If you needed further evidence that the current movement surrounding sexual assault was an anti-due process witch hunt, look no further than a student group at the University of Texas-San Antonio (UTSA).
Women claiming to have been sexually assaulted held up signs with the names of the men they were accusing — seven names in total. None of the men had been convicted, yet their names were allowed to be publicly displayed. Some of the men had been investigated by the police or university and not punished, meaning there was likely insufficient evidence to find them responsible (or evidence they were innocent).
The women were part of a student group called Change Rape Culture, which, based on the name, suggests the group has bought in to the idea that sexual assault is an epidemic and the broad definition of what sexual assault entails.
The San Antonio Express-News, which reported on the event, did not identify the names of the men “because the accusations have not led to a criminal charge.” The media outlet spoke to one of the founders of the group, Kimiya Factor, who said Change Rape Culture investigated the claims against some of the men.
Friends of some of the accused students appeared at the event to defend them and take photos of the women for possible forthcoming lawsuits. One student, who knew three of the accused men, claimed the women were “just making false accusations.”
He said the men were “being accused by girls who have already had sexual interactions with them and because they didn’t want relationships and stuff, they’re just making false accusations.”
Another student, who supported the women, claimed the allegations were not merely “alleged,” and that some of the named men were known offenders of sexual assault or domestic violence. In other words, gossip.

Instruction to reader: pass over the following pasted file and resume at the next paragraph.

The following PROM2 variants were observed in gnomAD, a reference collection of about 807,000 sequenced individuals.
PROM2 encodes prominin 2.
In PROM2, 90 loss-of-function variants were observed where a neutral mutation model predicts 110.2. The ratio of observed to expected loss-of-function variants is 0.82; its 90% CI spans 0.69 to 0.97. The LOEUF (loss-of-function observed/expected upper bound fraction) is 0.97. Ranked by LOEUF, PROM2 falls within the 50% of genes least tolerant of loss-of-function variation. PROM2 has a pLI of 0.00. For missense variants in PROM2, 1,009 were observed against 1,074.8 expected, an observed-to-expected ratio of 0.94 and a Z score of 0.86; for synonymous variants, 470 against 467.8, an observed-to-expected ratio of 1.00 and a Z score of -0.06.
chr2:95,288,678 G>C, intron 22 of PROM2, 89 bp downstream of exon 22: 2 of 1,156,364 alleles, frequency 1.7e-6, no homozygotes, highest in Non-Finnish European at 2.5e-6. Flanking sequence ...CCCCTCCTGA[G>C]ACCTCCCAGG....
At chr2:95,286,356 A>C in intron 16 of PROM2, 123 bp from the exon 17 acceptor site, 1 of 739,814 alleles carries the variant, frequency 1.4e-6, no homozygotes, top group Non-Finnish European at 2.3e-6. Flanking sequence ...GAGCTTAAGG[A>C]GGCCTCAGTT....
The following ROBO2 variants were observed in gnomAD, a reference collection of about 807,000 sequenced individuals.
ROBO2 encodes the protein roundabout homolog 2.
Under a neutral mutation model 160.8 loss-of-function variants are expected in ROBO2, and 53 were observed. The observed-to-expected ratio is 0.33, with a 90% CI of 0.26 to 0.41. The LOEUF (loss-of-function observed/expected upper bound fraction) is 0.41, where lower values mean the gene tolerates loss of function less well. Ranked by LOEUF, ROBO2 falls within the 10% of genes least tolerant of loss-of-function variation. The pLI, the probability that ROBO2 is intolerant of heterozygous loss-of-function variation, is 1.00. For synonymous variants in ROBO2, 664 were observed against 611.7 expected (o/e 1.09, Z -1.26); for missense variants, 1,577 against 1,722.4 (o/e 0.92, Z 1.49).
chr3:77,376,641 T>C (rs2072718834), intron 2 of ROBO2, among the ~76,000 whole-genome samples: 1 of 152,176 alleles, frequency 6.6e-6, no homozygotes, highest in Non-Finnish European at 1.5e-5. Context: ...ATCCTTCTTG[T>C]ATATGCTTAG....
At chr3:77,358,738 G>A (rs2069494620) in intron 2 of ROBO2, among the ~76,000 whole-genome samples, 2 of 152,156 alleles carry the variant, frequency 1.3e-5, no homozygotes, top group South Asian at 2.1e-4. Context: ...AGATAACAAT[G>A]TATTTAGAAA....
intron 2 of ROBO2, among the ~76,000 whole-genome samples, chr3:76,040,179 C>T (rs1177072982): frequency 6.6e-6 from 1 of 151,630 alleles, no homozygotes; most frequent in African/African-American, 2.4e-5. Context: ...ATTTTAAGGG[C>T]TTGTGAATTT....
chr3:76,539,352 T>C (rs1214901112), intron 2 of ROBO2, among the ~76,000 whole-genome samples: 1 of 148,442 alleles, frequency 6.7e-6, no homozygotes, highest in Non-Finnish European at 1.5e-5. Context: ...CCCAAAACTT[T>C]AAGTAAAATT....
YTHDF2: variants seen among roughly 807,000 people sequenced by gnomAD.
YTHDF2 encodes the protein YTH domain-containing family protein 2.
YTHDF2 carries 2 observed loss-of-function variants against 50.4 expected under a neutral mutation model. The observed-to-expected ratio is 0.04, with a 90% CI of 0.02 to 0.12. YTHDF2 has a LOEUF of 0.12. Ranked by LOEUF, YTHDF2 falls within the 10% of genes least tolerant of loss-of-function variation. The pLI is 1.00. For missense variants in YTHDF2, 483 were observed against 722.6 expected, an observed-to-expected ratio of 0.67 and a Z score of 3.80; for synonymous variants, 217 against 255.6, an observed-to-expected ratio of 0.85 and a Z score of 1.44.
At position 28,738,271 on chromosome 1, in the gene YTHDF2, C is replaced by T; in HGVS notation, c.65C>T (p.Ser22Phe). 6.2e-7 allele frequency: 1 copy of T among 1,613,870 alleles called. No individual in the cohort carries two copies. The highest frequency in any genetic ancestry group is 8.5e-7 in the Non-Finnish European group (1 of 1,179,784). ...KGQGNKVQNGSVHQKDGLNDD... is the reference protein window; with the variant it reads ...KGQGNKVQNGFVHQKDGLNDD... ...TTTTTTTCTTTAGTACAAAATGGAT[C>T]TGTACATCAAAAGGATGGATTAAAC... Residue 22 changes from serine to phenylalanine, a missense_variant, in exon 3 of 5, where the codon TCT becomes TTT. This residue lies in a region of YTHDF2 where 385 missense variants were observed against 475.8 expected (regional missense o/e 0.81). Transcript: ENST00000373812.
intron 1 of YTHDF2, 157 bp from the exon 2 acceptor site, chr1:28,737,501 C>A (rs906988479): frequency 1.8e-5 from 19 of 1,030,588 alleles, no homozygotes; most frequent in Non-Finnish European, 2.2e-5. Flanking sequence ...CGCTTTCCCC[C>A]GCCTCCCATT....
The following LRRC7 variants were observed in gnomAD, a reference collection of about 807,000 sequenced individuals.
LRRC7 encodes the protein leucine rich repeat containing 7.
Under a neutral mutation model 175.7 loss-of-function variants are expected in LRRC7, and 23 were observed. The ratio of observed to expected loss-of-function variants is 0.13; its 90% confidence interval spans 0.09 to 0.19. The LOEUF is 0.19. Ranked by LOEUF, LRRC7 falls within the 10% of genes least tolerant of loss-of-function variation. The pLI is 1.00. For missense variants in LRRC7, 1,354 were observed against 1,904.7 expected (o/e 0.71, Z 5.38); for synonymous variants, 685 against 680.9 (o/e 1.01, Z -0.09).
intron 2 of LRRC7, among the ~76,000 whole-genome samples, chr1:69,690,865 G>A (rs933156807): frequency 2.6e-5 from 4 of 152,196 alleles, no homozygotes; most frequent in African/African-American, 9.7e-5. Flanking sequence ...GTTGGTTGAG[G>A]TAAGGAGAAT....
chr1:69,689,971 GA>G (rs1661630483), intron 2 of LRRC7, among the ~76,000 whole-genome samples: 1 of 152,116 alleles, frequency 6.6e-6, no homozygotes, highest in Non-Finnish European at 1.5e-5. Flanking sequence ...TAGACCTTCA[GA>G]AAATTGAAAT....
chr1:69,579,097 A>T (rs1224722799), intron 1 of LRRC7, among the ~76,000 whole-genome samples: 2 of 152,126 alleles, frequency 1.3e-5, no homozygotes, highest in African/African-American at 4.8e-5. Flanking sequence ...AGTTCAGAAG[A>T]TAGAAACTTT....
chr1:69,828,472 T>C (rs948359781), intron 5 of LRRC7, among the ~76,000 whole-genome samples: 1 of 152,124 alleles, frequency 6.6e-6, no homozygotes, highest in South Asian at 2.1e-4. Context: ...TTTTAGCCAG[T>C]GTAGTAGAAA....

Yet another student told the women he respected them but didn’t agree with this method, the Express-News reported.
“There’s no opportunity for these guys to defend themselves. If you’re a man right now in this society, especially a black man, coming out and saying, ‘I didn’t do it’ literally amounts to nothing. It means nothing,” he told the outlet. “If [the women] are wrong, there’s a hundred people out here and there’s about to be a hundred more people and counting that are going to see these names.”
UTSA President Taylor Eighmy sent a letter to students after the demonstration vowing “to thoroughly explore” the accusations. In another letter, Eighmy addressed concerns over publicly naming the students without charges being filed.
“All UTSA students have the right to exercise free speech according to the First Amendment and university policy. UTSA, as a state entity, may not intervene,” the president wrote.
Eighmy also claimed the accused students were “innocent until proven responsible, and they are entitled to due process.”
It seems difficult to believe the men would actually get a fair shake, considering some of them had already been investigated and were now facing renewed scrutiny because of public pressure and a fear of bad publicity.